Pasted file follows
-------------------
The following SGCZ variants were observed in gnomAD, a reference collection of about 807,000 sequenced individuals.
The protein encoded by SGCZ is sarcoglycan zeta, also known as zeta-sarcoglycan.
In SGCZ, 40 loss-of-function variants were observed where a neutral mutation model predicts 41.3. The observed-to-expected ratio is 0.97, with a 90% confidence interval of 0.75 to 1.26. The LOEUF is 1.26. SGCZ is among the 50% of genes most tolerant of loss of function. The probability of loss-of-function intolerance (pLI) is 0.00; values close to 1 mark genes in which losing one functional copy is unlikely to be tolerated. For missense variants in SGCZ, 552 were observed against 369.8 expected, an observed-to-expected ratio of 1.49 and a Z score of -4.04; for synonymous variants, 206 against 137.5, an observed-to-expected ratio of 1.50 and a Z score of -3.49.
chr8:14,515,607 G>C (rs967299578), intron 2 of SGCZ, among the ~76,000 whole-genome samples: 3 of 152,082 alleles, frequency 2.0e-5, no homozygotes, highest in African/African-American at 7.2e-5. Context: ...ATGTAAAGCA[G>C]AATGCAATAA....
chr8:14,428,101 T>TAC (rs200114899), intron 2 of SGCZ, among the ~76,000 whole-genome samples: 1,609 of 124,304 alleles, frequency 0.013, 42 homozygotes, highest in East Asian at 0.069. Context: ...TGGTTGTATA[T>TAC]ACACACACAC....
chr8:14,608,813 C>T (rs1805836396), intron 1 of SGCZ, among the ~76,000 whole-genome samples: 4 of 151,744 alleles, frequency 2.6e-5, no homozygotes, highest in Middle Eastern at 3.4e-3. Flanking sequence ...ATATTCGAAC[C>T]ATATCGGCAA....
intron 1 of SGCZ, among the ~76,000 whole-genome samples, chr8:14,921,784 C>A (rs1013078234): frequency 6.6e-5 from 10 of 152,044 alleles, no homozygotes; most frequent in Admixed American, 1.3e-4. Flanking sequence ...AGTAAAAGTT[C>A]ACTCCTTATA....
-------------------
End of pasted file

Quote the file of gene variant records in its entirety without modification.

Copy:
The following SGCZ variants were observed in gnomAD, a reference collection of about 807,000 sequenced individuals.
The protein encoded by SGCZ is sarcoglycan zeta, also known as zeta-sarcoglycan.
In SGCZ, 40 loss-of-function variants were observed where a neutral mutation model predicts 41.3. The observed-to-expected ratio is 0.97, with a 90% confidence interval of 0.75 to 1.26. The LOEUF is 1.26. SGCZ is among the 50% of genes most tolerant of loss of function. The probability of loss-of-function intolerance (pLI) is 0.00; values close to 1 mark genes in which losing one functional copy is unlikely to be tolerated. For missense variants in SGCZ, 552 were observed against 369.8 expected, an observed-to-expected ratio of 1.49 and a Z score of -4.04; for synonymous variants, 206 against 137.5, an observed-to-expected ratio of 1.50 and a Z score of -3.49.
chr8:14,515,607 G>C (rs967299578), intron 2 of SGCZ, among the ~76,000 whole-genome samples: 3 of 152,082 alleles, frequency 2.0e-5, no homozygotes, highest in African/African-American at 7.2e-5. Context: ...ATGTAAAGCA[G>C]AATGCAATAA....
chr8:14,428,101 T>TAC (rs200114899), intron 2 of SGCZ, among the ~76,000 whole-genome samples: 1,609 of 124,304 alleles, frequency 0.013, 42 homozygotes, highest in East Asian at 0.069. Context: ...TGGTTGTATA[T>TAC]ACACACACAC....
chr8:14,608,813 C>T (rs1805836396), intron 1 of SGCZ, among the ~76,000 whole-genome samples: 4 of 151,744 alleles, frequency 2.6e-5, no homozygotes, highest in Middle Eastern at 3.4e-3. Flanking sequence ...ATATTCGAAC[C>T]ATATCGGCAA....
intron 1 of SGCZ, among the ~76,000 whole-genome samples, chr8:14,921,784 C>A (rs1013078234): frequency 6.6e-5 from 10 of 152,044 alleles, no homozygotes; most frequent in Admixed American, 1.3e-4. Flanking sequence ...AGTAAAAGTT[C>A]ACTCCTTATA....